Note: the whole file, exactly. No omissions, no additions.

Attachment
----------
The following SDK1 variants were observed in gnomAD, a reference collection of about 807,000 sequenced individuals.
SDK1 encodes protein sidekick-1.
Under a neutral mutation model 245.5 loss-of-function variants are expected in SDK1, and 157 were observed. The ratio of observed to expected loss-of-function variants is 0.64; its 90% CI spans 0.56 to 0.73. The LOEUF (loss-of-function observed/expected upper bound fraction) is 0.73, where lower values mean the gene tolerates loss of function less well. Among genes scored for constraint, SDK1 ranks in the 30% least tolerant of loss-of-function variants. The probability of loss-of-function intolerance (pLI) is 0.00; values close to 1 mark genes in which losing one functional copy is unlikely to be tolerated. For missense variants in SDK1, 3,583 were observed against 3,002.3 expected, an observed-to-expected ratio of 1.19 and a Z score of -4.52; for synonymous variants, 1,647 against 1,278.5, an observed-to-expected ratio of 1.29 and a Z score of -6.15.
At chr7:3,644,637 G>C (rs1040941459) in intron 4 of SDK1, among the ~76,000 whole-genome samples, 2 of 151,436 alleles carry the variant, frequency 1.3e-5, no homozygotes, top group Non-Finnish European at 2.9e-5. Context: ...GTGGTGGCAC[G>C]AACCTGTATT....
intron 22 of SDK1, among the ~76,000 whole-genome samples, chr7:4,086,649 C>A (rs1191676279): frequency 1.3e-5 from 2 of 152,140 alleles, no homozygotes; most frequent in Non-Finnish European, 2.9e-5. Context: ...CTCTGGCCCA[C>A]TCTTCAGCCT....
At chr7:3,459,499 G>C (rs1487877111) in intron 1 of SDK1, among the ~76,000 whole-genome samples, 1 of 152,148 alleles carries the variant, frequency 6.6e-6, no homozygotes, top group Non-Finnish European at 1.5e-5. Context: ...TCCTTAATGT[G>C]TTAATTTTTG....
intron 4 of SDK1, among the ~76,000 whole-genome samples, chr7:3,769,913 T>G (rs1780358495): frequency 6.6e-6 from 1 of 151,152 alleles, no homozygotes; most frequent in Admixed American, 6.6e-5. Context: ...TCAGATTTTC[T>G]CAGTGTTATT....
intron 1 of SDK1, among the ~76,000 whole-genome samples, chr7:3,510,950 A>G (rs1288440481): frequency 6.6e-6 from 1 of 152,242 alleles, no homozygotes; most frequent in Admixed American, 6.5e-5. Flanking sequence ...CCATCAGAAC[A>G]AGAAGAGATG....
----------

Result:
The following SDK1 variants were observed in gnomAD, a reference collection of about 807,000 sequenced individuals.
SDK1 encodes protein sidekick-1.
Under a neutral mutation model 245.5 loss-of-function variants are expected in SDK1, and 157 were observed. The ratio of observed to expected loss-of-function variants is 0.64; its 90% CI spans 0.56 to 0.73. The LOEUF (loss-of-function observed/expected upper bound fraction) is 0.73, where lower values mean the gene tolerates loss of function less well. Among genes scored for constraint, SDK1 ranks in the 30% least tolerant of loss-of-function variants. The probability of loss-of-function intolerance (pLI) is 0.00; values close to 1 mark genes in which losing one functional copy is unlikely to be tolerated. For missense variants in SDK1, 3,583 were observed against 3,002.3 expected, an observed-to-expected ratio of 1.19 and a Z score of -4.52; for synonymous variants, 1,647 against 1,278.5, an observed-to-expected ratio of 1.29 and a Z score of -6.15.
At chr7:3,644,637 G>C (rs1040941459) in intron 4 of SDK1, among the ~76,000 whole-genome samples, 2 of 151,436 alleles carry the variant, frequency 1.3e-5, no homozygotes, top group Non-Finnish European at 2.9e-5. Context: ...GTGGTGGCAC[G>C]AACCTGTATT....
intron 22 of SDK1, among the ~76,000 whole-genome samples, chr7:4,086,649 C>A (rs1191676279): frequency 1.3e-5 from 2 of 152,140 alleles, no homozygotes; most frequent in Non-Finnish European, 2.9e-5. Context: ...CTCTGGCCCA[C>A]TCTTCAGCCT....
At chr7:3,459,499 G>C (rs1487877111) in intron 1 of SDK1, among the ~76,000 whole-genome samples, 1 of 152,148 alleles carries the variant, frequency 6.6e-6, no homozygotes, top group Non-Finnish European at 1.5e-5. Context: ...TCCTTAATGT[G>C]TTAATTTTTG....
intron 4 of SDK1, among the ~76,000 whole-genome samples, chr7:3,769,913 T>G (rs1780358495): frequency 6.6e-6 from 1 of 151,152 alleles, no homozygotes; most frequent in Admixed American, 6.6e-5. Context: ...TCAGATTTTC[T>G]CAGTGTTATT....
intron 1 of SDK1, among the ~76,000 whole-genome samples, chr7:3,510,950 A>G (rs1288440481): frequency 6.6e-6 from 1 of 152,242 alleles, no homozygotes; most frequent in Admixed American, 6.5e-5. Flanking sequence ...CCATCAGAAC[A>G]AGAAGAGATG....